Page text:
Last Spring I stumbled upon the book All That He Wants by Olivia Thorne (currently free on Kindle, Nook, and iTunes). I quickly fell in love with Lily and Conner and had to read the rest of the series. Lily is a secretary and Conner is a hot, young, Billionaire who saves her from a bad boss. I really appreciate Lily as her inner voice reminds me of mine.
Olivia has published books 1 through 4 (All That He Wants, All That He Desires, All That He Demands, and All That He Requires) which make up Volume 1. Stories 5, 6 and 7 will be published together (hopefully in early to mid November) as Volume 2.
I believe All That He Wants is your first published book, what inspired you to write this story?
It sounds a bit mercenary, but I really want to quit my day job and write for a living, so I was looking for something that audiences would connect with. I decided to try an experiment: I would write the first two installments of a series, and if nobody bought it, I would just forget the third and try something else instead. 50 Shades Of Grey was incredibly popular at the time, and so were a lot of billionaire romance knock-offs – but I wasn’t in love with the BDSM elements of those stories. Though I really like Christian Grey, I wanted my perfect idea of a romantic hero: warm, funny, confident, a little bit cocky, dominant, romantic, a bit of a rascal, sensual, take-charge – and, of course, gorgeous. That’s how Connor was born. Like the heroine Lily, I worked briefly as a lowly temp for a big consulting firm in Los Angeles. I decided to base Lily on me (neuroses and all), throw her together with a hot billionaire, and see what happened.
I’ve been reading your updates on finishing the series, it doesn’t sound like you had a plan for the whole series. How much of the series did you plan or have in your head when you started writing?
Haha! NOTHING. Well, that’s not exactly true… I knew where I wanted the characters to end up, but I had no idea how I was going to get them there. I never sat down and planned everything out. For instance, in Part 2, All That He Desires, I introduce two supporting characters because I needed a limo driver/bodyguard (Johnny) and I needed some comic relief (Sebastian). Those characters eventually became hugely important to the storyline, though I had no idea at the time that they would. The major villains of the piece don’t surface until Part 4, All That He Requires, and I had no idea they would even appear in Part 4 until I was halfway through writing it. In fact, the main villain was kind of eye candy at first, and then she just gradually took over as the Big Bad – because she’s evil like that. 🙂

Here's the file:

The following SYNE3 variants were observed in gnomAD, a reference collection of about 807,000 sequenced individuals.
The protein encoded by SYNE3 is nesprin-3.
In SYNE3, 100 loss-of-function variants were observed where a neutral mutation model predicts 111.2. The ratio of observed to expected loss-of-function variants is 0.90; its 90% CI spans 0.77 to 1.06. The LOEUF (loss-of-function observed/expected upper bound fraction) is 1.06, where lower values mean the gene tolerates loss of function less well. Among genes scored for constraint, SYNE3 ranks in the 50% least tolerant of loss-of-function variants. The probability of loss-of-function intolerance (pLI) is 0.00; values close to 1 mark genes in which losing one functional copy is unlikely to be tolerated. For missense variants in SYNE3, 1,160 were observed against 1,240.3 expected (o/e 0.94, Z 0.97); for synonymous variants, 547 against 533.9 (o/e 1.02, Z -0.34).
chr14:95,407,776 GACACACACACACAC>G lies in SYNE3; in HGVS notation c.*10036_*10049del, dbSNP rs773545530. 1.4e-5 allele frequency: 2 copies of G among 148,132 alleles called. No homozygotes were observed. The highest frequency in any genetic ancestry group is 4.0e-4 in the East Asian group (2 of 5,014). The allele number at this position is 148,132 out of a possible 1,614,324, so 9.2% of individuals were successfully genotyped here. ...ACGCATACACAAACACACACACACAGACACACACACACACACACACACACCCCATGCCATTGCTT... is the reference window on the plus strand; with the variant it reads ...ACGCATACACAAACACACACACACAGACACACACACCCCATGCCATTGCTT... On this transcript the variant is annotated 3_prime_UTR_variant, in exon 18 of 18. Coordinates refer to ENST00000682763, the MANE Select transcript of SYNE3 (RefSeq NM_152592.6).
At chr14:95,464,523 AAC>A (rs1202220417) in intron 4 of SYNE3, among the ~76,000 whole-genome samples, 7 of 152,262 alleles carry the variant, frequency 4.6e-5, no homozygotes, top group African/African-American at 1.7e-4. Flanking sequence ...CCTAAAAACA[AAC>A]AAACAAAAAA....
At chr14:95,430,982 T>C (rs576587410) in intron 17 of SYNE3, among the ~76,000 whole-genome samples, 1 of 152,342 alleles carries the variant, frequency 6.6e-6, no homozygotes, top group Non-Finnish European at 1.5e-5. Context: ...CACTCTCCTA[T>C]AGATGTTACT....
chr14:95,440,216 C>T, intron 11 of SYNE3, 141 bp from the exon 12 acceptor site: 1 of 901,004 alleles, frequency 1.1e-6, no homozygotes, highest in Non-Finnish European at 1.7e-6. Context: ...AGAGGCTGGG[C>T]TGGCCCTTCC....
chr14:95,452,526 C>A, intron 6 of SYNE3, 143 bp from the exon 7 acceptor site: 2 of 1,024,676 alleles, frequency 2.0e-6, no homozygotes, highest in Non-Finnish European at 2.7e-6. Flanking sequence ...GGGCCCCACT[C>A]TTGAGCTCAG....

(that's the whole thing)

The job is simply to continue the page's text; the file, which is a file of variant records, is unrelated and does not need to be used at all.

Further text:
I’m normally a very anal-retentive, “let’s plan everything out to a ‘T’” kind of person, so this was a huge departure for me. However, I think it turned out really well. The characters grow organically in a way they wouldn’t have if I’d sat down and plotted out everything before I got to know them. There’s a really fun spontaneity that resulted from that.
So far four books have been published: All That He Wants, All That He Desires, All That He Demands and All That He Requires. All That He Requires had quite the cliff hanger, I know you’re in the process of finishing the fifth and final book; do you have a release date yet?
Not yet. It’s titled All That He Loves – Volume Two, by the way. I’m aiming for early to mid-November, but I’m waiting on the cover (my first professionally designed one – yaaaay!) and editing the first draft.
What was your favorite scene and the hardest scene to write?
Oooh… that’s a tough one. I always love writing the sex scenes… and I love writing humor and really emotional moments. And I love writing catty verbal smackdowns. But I think my favorite scene in the first three books was an extended seduction scene in Part 2, where Connor and Lily play a version of “Truth Or Dare” mixed with strip poker, in which she wants to find out more about him, and he wants to get her naked and in bed. (She wants that, too, but she wants answers just as much.) It was fun, very sexy, lighthearted at points, and incredibly emotional at others. There’s also a scene in Part 5 – which isn’t out yet – where Sebastian, Lily, and Connor go toe-to-toe with the villains, and there’s a huge amount of vicious banter. Writing that scene was a fun day. The hardest? I can’t say too much – I don’t want to give too much away – but it was also in Part 5. Very sad scene. That was tough.
You’ve written some great sex scenes, are you willing to share where you get your inspiration?
(blushing) Thank you! Um… well… let’s say that they are a mixture of things I’ve done with past boyfriends, and some fantasies I’d like to do with a future one. I’ll leave it to your readers to ponder which are which. 😉